Once I get the initial $150k in upfront costs for injection molding machines, raw materials and molds are relatively low cost compared to the $75k I have in labor costs. Yes, I might have $60k tied up with a single mold, but that's a one time cost that can be amortized over years. Labor cannot and will also get more expensive over time.

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Posted by Anonymous on Thursday, August 9, 2018 11:48 AM
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Posted by jeep35 on Thursday, August 9, 2018 11:11 AM
I think you make a lot of excellent points. it's really just speculation on our part as to why this particular manufacturing facility has ceased to operate. I'd be curious to know is this a true factory like we are used to in the West. You clock in at the start of your shift and you do whatever work you're assigned to for however long your shift lasts or do they act as a sort of coordinator that "farms" out the work to smaller mom and pop operations.
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Posted by Tinplate Toddler on Thursday, August 9, 2018 9:35 AM

ATLANTIC CENTRAL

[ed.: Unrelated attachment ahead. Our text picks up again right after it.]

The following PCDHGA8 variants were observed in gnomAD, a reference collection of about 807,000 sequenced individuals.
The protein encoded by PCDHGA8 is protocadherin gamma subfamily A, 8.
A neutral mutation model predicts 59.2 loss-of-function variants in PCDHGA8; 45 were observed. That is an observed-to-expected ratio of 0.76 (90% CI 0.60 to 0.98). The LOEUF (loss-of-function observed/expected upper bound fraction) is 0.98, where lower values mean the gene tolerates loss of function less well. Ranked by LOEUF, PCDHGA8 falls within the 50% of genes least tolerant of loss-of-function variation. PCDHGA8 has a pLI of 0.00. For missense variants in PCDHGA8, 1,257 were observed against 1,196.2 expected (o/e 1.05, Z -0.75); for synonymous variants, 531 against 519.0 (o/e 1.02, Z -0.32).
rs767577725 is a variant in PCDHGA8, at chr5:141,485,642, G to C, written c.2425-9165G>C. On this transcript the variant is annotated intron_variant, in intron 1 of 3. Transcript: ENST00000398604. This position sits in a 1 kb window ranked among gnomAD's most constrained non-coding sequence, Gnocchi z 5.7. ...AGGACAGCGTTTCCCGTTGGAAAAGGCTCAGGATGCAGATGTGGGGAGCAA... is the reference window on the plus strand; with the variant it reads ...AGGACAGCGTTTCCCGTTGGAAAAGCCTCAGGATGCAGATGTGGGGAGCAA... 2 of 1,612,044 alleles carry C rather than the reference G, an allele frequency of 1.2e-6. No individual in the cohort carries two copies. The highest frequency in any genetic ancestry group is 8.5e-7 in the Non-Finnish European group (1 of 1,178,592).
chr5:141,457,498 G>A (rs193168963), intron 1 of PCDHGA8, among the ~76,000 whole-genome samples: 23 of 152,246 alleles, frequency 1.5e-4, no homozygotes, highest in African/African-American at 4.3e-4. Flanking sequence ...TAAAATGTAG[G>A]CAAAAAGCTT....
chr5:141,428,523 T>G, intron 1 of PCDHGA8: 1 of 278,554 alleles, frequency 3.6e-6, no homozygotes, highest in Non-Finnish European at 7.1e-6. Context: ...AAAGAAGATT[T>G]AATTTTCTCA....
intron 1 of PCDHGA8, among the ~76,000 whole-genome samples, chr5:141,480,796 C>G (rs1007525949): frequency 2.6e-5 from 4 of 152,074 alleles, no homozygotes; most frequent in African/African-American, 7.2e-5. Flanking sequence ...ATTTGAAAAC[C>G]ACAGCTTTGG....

And that is part of the issue, a blue box kit was easy to produce with just a few people, in very large volumes. Todays high detail products, not so much.

Sheldon - that nails it! Maybe we want too much, while not appreciating the extra detail in terms of price. I never understood why we need to have super-detailed cars when you can see trhe detail on on clese-up photographs. But thta´s a different story.

ATLANTIC CENTRAL
But there were LOTS of them.

And there still are - on both sides of the Big Pond. There are countless small enterprises catering for the hobbyist, not only the big names.

Happy times!

Ulrich (aka The Tin Man)

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Posted by ATLANTIC CENTRAL on Thursday, August 9, 2018 9:24 AM

Ulrich,

True, when model trains for North America were made mostly in North America, it was mostly a lot of small/medium sized companies. But there were LOTS of them.

Athearn, Walthers, etc, only numbered their empolyees in double digits for the most part, maybe the very low hundreds as a high point.